A combined Sony-BMG would have been market leader.
Universal Music Group remained the recorded-music market leader in 2003, according to figures supplied today by international trade body IFPI.
Universal posted a 23.5% share last year, down from 25.4% in 2002. Companies posting year-on-year gains in 2003 were EMI at 13.4% (12.2%), BMG at 11.9% (9.6%), and Warner Music at 12.7% (11.8%). Sony Music's global share slipped to 13.2% from 13.8%.
The figures show that BMG and Sony had an aggregate share of 25.1% last year. In 2002, a combined Sony-BMG would have claimed a 23.4% share, second only to Universal.
London-based EMI moves up one rank to become the world's second-largest record company, ahead of Sony, Warner and BMG, respectively.
According to the figures, EMI enjoyed a significant recovery in North America, where its share improved to 10.5% in 2003 from 8.9% in 2002. It also posted growth in Europe, Japan, Asia and Australasia. In a statement, EMI says "it has achieved its market share gain without sacrificing profitability." Contributing to EMI's growth in 2003 were albums from Coldplay, the Beatles and Norah Jones.
A Universal Music International spokesperson explains that the company's market-share decline comes on the back of a banner year in 2002, during which major acts such as Eminem, U2, Shania Twain, Andrea Bocelli and Elton John released new albums. "That was not the case in 2003," says the spokesperson, pointing out that 2004 has been a very good year so far. Universal has releases scheduled this year from U2, John, Black Eyed Peas, 50 Cent, and Bocelli.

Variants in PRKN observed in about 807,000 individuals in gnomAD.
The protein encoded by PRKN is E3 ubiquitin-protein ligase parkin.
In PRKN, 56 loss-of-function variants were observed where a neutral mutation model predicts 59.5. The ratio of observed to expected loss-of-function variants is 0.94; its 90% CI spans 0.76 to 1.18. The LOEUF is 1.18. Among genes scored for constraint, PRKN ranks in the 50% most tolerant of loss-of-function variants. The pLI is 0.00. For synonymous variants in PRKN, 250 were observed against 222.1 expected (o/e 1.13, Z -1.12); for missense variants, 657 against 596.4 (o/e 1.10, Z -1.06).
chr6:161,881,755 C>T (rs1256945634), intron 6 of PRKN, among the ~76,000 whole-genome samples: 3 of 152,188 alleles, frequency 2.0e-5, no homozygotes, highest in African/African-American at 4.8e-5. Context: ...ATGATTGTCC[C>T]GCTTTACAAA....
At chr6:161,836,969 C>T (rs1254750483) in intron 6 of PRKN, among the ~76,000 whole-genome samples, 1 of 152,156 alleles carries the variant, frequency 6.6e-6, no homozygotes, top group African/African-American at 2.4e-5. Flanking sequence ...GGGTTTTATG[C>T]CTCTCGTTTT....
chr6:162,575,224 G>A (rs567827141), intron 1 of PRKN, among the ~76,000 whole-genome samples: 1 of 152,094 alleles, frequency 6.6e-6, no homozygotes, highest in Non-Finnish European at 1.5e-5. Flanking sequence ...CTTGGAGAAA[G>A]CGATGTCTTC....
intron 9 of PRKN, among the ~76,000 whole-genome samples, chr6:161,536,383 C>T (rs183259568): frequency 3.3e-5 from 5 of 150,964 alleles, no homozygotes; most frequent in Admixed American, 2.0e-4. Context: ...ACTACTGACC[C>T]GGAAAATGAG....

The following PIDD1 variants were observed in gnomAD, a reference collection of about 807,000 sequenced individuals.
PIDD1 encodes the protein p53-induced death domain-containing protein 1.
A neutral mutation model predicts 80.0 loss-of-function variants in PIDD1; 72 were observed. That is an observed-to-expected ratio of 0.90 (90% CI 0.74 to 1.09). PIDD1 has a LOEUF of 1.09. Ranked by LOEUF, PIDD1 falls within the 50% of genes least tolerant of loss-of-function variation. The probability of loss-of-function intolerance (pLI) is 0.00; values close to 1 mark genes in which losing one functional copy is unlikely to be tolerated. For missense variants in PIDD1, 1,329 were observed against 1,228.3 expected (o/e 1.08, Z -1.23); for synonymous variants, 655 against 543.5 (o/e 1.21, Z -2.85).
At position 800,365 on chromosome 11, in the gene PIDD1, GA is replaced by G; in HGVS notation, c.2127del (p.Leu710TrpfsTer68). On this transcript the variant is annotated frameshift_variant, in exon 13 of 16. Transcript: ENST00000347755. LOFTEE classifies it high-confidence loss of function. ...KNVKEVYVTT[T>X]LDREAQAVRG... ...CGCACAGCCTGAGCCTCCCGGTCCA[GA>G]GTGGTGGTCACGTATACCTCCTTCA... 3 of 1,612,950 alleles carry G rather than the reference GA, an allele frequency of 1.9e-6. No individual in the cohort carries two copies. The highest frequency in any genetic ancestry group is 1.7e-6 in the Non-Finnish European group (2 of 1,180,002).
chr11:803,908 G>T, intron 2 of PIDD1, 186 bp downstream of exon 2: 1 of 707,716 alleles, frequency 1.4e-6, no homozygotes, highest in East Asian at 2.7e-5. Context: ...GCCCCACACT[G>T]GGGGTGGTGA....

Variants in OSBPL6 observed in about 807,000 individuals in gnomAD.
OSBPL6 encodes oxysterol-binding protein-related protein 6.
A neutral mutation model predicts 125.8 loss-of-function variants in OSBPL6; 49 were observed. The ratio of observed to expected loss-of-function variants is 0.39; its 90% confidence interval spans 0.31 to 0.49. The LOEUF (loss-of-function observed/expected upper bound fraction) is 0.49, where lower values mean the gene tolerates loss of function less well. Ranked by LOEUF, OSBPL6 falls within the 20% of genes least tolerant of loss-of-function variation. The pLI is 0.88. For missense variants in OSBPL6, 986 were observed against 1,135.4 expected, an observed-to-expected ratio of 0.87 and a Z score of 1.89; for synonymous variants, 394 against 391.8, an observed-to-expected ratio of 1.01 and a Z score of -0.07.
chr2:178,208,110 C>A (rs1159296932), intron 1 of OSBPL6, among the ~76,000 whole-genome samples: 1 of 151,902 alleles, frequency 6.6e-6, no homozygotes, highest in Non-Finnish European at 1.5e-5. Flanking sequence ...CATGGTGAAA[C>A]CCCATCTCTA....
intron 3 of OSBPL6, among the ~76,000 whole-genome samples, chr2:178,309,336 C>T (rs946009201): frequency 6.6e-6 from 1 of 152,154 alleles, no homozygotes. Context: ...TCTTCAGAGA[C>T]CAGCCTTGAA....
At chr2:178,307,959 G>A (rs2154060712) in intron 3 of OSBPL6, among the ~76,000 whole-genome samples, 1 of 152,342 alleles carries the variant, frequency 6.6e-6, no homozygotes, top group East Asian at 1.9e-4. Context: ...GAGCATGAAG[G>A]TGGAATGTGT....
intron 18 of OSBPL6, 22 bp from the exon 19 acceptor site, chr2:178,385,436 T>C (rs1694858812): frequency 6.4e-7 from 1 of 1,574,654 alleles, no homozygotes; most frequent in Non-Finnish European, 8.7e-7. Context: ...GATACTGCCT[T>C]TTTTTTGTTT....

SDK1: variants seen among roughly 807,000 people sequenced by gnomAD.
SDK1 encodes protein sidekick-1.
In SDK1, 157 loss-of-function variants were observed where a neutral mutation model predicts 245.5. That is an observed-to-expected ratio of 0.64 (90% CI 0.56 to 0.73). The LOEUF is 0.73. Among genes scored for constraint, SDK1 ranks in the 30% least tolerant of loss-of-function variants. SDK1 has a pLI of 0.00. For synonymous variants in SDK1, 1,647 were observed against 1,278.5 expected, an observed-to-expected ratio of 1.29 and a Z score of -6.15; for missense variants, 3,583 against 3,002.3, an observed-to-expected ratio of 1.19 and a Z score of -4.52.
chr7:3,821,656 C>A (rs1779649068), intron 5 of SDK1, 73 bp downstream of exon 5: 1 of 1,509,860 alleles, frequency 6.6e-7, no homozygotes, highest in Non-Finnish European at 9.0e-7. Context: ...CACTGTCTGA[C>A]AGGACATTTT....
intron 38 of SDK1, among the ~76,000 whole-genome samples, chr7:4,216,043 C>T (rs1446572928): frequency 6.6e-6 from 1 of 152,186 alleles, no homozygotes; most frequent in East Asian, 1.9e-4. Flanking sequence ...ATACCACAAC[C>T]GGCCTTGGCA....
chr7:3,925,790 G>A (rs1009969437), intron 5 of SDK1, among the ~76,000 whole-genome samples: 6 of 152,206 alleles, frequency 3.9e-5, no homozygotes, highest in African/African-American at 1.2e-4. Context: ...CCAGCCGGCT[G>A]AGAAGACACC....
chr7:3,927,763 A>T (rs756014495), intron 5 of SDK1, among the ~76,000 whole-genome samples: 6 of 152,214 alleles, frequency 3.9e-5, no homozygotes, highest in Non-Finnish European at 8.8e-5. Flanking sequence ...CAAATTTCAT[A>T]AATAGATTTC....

BMG's figures for both years include Zomba, the company it acquired in November 2002. BMG's performance was boosted by international successes by the likes of Avril Lavigne, Pink, Dido, Britney Spears and Justin Timberlake.
Independents collectively still represent the largest global share, with 25.3%, down from 27.1% in 2002. IFPI head of research Keith Jopling says the indie share is calculated by subtracting the major companies' share from the total share. It does not include repertoire licensed to majors.
The methodology used to compile the shares has not changed since IFPI first published market-share figures for 2001, explains Jopling. It is based on the notion of "owned content," which he says has become the accepted standard. "Owned content" qualifies as wholesale sales of finished music product by the record companies to retailers or to intermediate wholesalers, net of returns and discounts and exclusive of exports.
Jopling notes that the figures are for sales of physical music products, which includes music video formats (VHS and DVD) this year for the first time. At the moment, the figures do not include downloads, but "we are working on that," says Jopling.
In September, IFPI will publish market share figures on a territory basis.